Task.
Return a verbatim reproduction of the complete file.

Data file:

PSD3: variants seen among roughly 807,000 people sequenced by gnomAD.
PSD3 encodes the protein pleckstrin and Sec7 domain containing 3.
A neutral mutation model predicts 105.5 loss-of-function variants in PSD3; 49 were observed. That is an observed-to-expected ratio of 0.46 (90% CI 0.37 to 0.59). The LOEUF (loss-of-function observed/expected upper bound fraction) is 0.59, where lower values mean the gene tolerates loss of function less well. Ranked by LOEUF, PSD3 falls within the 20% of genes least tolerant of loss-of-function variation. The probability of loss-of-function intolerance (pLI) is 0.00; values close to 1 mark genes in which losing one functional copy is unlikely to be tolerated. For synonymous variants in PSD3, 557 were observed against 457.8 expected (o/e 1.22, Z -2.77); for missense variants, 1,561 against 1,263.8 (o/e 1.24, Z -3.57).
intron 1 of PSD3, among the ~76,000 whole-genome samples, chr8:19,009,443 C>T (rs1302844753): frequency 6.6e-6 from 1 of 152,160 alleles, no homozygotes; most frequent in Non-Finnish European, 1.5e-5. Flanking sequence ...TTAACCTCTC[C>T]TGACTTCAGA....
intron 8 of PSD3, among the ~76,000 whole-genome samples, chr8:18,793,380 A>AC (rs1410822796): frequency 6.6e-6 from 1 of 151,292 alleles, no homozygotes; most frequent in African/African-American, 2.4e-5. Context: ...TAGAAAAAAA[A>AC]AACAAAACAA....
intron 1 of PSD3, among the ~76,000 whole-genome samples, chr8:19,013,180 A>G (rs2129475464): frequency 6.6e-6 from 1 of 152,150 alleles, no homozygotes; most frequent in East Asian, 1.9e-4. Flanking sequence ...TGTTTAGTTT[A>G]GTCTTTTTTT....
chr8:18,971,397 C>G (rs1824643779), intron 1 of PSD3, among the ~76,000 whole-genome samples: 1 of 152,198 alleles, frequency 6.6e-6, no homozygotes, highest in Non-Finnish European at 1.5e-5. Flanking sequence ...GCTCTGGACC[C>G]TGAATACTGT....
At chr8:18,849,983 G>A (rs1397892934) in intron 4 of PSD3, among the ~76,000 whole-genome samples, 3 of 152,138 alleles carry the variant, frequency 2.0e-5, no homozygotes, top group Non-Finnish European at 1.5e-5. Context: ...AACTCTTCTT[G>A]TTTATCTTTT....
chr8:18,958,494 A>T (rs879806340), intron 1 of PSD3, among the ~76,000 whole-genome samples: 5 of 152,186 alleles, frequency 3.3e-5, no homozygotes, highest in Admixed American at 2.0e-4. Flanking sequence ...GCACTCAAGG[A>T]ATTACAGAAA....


PSD3: variants seen among roughly 807,000 people sequenced by gnomAD.
PSD3 encodes the protein pleckstrin and Sec7 domain containing 3.
A neutral mutation model predicts 105.5 loss-of-function variants in PSD3; 49 were observed. That is an observed-to-expected ratio of 0.46 (90% CI 0.37 to 0.59). The LOEUF (loss-of-function observed/expected upper bound fraction) is 0.59, where lower values mean the gene tolerates loss of function less well. Ranked by LOEUF, PSD3 falls within the 20% of genes least tolerant of loss-of-function variation. The probability of loss-of-function intolerance (pLI) is 0.00; values close to 1 mark genes in which losing one functional copy is unlikely to be tolerated. For synonymous variants in PSD3, 557 were observed against 457.8 expected (o/e 1.22, Z -2.77); for missense variants, 1,561 against 1,263.8 (o/e 1.24, Z -3.57).
intron 1 of PSD3, among the ~76,000 whole-genome samples, chr8:19,009,443 C>T (rs1302844753): frequency 6.6e-6 from 1 of 152,160 alleles, no homozygotes; most frequent in Non-Finnish European, 1.5e-5. Flanking sequence ...TTAACCTCTC[C>T]TGACTTCAGA....
intron 8 of PSD3, among the ~76,000 whole-genome samples, chr8:18,793,380 A>AC (rs1410822796): frequency 6.6e-6 from 1 of 151,292 alleles, no homozygotes; most frequent in African/African-American, 2.4e-5. Context: ...TAGAAAAAAA[A>AC]AACAAAACAA....
intron 1 of PSD3, among the ~76,000 whole-genome samples, chr8:19,013,180 A>G (rs2129475464): frequency 6.6e-6 from 1 of 152,150 alleles, no homozygotes; most frequent in East Asian, 1.9e-4. Flanking sequence ...TGTTTAGTTT[A>G]GTCTTTTTTT....
chr8:18,971,397 C>G (rs1824643779), intron 1 of PSD3, among the ~76,000 whole-genome samples: 1 of 152,198 alleles, frequency 6.6e-6, no homozygotes, highest in Non-Finnish European at 1.5e-5. Flanking sequence ...GCTCTGGACC[C>G]TGAATACTGT....
At chr8:18,849,983 G>A (rs1397892934) in intron 4 of PSD3, among the ~76,000 whole-genome samples, 3 of 152,138 alleles carry the variant, frequency 2.0e-5, no homozygotes, top group Non-Finnish European at 1.5e-5. Context: ...AACTCTTCTT[G>A]TTTATCTTTT....
chr8:18,958,494 A>T (rs879806340), intron 1 of PSD3, among the ~76,000 whole-genome samples: 5 of 152,186 alleles, frequency 3.3e-5, no homozygotes, highest in Admixed American at 2.0e-4. Flanking sequence ...GCACTCAAGG[A>T]ATTACAGAAA....